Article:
Ask Plantables: Why can’t I just leave the indoor lights on for my plants? Won’t that do the same thing?
Now, to answer this properly, we’re going to have to get into some plant science nerdery. Brace yourselves.
Plants are incredibly clever little things, with tiny receptors (called photoreceptors) that detect and absorb light from the sun. The way they do that is to only absorb specific wavelengths of light. The light from your regular indoor bulb isn’t on this wavelength, so is no use to your plants.
(That’s how the HID and fluorescent bulbs work, by emitting light on the same wavelength as the sun.)
Step Four: Choose your plants
Unfortunately, unless you’ve got lots of space, not all plants are right for growing indoors.
Melons, for instance, aren’t particularly well-suited to indoor growing. (If you want to try it though, don’t let us stop you. You agricultural maverick, you.)
However, things like chard, peppers, leafy greens, tomatoes and herbs are all perfectly suited to a life lived indoors. Just make sure to give them lots of love and care, and you’ll have ready to eat vegetables and herbs in no time.
(The Kit, our box for newbie growers, is also full of plants that are perfect for indoor growing. Plus, every Plantables plant is grafted to make them hardier and more versatile, which means they’re just right for adapting to a life lived indoors.)
Step Five: Show them some love
As well as a decent supply of sunlight (or artificial sunlight), your plants need three more things to grow produce like crazy: a constant temperature (of around 75oF), humidity and a constant supply of water.
Now, temperature is easy enough to control. Unless you live somewhere that’s particularly cold, room temperature is usually around 73oF, which is just right for plants to flourish.
(If you live somewhere cold – or somewhere that gets really cold – then your artificial lights act as a heater too. Just check your plants every now and again to make sure they’re not too chilly. Chilly plants don’t grow brag-worthy fruits and veggies.)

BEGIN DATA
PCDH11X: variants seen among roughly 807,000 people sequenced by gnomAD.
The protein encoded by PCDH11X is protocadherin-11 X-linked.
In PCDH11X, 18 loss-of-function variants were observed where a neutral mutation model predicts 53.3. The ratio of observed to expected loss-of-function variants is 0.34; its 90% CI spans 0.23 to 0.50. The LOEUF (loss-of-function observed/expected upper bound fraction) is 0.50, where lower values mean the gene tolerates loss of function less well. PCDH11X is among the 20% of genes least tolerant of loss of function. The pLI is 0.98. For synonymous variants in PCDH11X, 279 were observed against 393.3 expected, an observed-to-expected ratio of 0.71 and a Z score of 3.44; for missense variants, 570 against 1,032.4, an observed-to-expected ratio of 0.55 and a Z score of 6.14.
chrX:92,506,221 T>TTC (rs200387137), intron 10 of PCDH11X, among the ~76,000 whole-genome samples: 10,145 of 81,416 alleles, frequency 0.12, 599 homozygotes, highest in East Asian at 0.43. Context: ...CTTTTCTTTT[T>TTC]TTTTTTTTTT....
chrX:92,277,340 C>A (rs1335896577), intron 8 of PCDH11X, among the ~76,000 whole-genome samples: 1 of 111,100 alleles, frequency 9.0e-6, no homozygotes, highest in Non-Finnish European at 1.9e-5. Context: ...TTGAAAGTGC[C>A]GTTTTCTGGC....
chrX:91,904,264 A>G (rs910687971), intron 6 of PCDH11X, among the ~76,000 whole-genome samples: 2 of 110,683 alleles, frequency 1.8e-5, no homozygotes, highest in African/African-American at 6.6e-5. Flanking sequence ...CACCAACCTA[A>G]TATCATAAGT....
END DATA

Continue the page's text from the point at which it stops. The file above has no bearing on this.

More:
If you’re growing plants indoors, controlling the humidity can sometimes be a real pain. As the weather cools off, the air in your home has less moisture in it (especially if you have the heating on). This is particularly bad for your plants, as they rely on this moisture to thrive.
As the air gets drier, look out for the leaves on your plants turning brown, falling off or starting to wither – this is a sign that your plant needs a little more humidity.
Luckily, there are two easy fixes: either mist your plants daily with a mister, or purchase a humidifier near your plants.
Soon enough, you’ll have happy, healthy and hardy plants growing you all manner of fruits, vegetables and herbs.
Watering plants can seem like a scary and intimidating job at the beginning – too little water and they won’t flourish, too much water and they’ll wilt and stop growing.
But it’s really not that scary at all.
Just make sure to water your plants with room temperature tap water until the water starts to drip from the bottom of the pot.
That’s it. Just do that once a week, and you’ll have happy healthy plants.
(Top tip: keep an eye out for wilting. This is usually a sign of under-watering or over-watering. You’ll be able to tell which by feeling the soil, but if you can’t – check the leaves. If they’re going brown or wilting from the edges, your plant is thirsty. If your plant is wilting from the stem, it’s had too much to drink and needs to dry out a little.)
And that’s all there is to it!
It might seem like there’s a lot of information to take in, but once you’ve planted your plants and done this once or twice, it’ll all become second nature.
Give it a week or two and you’ll know just by looking at your plants whether they need more water, more light or just a little bit of mist.
And then, a few weeks after that, you’ll see just the hint of a tiny tomato or the some fresh herbs just waiting to be cooked with.
And honestly, there’s nothing like it.
We grew our first plants decades ago, and that moment when the first fruit or veggie of the season grows is still as exciting now as it was all those years ago.
(So, in ten years’ time when your apartment is full of fruit, vegetables and herbs, don’t say we didn’t warn you!)